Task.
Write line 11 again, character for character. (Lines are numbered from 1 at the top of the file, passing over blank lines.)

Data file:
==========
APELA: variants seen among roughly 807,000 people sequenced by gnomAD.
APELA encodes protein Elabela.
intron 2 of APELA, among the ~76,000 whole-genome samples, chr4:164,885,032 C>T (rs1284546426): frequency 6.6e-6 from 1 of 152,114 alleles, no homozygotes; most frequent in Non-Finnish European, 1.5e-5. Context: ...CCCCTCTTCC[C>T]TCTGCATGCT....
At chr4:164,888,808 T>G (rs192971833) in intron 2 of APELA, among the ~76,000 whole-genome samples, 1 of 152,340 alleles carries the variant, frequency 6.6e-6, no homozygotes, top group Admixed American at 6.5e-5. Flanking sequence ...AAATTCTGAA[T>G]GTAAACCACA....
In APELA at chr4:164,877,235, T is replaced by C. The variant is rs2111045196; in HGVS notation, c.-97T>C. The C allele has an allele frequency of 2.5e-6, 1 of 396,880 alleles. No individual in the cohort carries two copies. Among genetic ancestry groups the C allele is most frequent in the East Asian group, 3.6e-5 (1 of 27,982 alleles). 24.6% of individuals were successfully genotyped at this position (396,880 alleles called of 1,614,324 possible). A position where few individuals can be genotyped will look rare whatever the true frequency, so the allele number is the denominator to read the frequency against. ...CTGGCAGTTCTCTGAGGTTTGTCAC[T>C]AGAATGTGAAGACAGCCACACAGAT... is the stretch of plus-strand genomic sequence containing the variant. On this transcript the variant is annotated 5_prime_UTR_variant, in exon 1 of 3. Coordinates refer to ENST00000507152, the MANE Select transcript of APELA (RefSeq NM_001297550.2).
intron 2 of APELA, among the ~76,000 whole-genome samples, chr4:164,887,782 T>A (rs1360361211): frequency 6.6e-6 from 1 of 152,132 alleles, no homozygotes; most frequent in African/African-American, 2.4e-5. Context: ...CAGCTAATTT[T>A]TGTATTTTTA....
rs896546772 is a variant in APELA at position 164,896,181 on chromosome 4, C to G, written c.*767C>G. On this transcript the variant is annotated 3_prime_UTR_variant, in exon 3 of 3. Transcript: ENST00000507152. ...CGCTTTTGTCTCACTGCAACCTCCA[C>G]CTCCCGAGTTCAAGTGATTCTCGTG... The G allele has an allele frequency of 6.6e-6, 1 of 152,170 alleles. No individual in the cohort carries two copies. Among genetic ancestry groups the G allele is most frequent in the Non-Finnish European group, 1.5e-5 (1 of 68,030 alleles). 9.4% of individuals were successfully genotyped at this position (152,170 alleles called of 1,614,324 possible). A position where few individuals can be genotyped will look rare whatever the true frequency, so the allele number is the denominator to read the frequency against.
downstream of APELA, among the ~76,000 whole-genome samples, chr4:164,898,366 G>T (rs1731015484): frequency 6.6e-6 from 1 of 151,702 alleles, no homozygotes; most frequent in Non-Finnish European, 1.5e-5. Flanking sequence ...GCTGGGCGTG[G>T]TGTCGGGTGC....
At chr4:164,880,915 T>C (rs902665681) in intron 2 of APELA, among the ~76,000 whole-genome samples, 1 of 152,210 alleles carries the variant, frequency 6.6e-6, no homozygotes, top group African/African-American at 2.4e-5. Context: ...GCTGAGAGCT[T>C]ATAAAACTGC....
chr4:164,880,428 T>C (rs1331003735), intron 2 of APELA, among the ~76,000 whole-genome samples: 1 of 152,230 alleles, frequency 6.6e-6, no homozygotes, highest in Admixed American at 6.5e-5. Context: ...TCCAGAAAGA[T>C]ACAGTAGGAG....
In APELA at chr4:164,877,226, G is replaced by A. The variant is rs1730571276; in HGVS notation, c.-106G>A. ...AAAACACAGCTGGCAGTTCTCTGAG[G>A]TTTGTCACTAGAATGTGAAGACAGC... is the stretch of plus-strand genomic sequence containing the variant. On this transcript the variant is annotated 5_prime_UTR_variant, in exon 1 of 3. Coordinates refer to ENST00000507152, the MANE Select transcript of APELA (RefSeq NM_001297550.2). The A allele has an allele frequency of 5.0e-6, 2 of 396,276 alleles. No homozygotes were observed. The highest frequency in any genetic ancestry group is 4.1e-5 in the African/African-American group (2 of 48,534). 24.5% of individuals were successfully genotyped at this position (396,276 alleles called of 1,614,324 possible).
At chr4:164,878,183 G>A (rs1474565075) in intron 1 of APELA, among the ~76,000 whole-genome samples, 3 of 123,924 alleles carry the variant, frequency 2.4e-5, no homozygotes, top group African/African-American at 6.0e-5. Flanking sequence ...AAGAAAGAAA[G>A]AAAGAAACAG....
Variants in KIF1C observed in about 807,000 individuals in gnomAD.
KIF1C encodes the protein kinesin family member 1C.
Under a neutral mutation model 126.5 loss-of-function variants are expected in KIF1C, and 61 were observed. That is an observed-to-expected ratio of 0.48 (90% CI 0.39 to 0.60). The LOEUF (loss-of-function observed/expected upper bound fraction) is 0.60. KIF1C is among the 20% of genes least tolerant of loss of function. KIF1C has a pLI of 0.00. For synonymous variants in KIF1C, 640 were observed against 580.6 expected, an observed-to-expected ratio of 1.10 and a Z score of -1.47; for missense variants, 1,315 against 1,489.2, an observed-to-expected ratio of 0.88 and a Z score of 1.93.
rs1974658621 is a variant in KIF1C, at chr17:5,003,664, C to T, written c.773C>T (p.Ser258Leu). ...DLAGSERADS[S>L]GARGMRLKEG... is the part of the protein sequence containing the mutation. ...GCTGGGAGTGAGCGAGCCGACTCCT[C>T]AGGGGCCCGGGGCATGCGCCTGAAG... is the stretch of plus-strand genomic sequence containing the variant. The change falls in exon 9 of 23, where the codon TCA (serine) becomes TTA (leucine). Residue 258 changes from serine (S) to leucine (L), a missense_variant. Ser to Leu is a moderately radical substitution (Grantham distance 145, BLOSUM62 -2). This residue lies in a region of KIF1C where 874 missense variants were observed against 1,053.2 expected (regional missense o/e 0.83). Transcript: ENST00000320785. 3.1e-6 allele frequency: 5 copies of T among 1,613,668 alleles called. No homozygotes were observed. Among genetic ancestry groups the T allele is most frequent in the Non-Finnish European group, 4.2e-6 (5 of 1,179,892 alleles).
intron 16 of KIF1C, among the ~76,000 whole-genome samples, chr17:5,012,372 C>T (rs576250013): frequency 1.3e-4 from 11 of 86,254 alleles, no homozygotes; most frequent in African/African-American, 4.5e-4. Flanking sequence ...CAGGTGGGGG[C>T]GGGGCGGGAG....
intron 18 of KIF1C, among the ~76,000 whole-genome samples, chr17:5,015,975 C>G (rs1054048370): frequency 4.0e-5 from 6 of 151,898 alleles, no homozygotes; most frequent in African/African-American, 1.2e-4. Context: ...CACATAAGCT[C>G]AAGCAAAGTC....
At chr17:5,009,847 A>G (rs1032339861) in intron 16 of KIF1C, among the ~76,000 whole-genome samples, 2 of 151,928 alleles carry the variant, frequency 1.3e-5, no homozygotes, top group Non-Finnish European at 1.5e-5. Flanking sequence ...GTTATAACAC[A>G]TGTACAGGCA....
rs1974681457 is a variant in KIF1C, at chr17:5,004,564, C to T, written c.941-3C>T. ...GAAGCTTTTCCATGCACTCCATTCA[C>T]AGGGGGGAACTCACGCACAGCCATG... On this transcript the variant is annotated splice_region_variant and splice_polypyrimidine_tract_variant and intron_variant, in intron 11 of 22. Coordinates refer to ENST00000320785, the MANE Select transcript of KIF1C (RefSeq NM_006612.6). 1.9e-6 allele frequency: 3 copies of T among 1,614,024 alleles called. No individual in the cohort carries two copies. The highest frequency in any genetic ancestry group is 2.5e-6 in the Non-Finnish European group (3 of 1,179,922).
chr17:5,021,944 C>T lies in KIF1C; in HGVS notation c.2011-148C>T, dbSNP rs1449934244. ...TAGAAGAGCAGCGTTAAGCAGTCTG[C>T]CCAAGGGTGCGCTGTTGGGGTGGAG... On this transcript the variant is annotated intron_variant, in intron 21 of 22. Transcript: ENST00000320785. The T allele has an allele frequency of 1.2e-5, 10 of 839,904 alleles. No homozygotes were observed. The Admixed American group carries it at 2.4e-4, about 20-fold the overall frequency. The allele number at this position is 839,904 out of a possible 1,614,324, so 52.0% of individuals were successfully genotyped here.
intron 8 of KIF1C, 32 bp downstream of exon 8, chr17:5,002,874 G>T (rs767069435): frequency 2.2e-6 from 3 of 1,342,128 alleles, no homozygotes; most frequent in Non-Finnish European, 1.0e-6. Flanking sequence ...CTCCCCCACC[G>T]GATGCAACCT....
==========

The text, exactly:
In APELA at chr4:164,877,226, G is replaced by A. The variant is rs1730571276; in HGVS notation, c.-106G>A. ...AAAACACAGCTGGCAGTTCTCTGAG[G>A]TTTGTCACTAGAATGTGAAGACAGC... is the stretch of plus-strand genomic sequence containing the variant. On this transcript the variant is annotated 5_prime_UTR_variant, in exon 1 of 3. Coordinates refer to ENST00000507152, the MANE Select transcript of APELA (RefSeq NM_001297550.2). The A allele has an allele frequency of 5.0e-6, 2 of 396,276 alleles. No homozygotes were observed. The highest frequency in any genetic ancestry group is 4.1e-5 in the African/African-American group (2 of 48,534). 24.5% of individuals were successfully genotyped at this position (396,276 alleles called of 1,614,324 possible).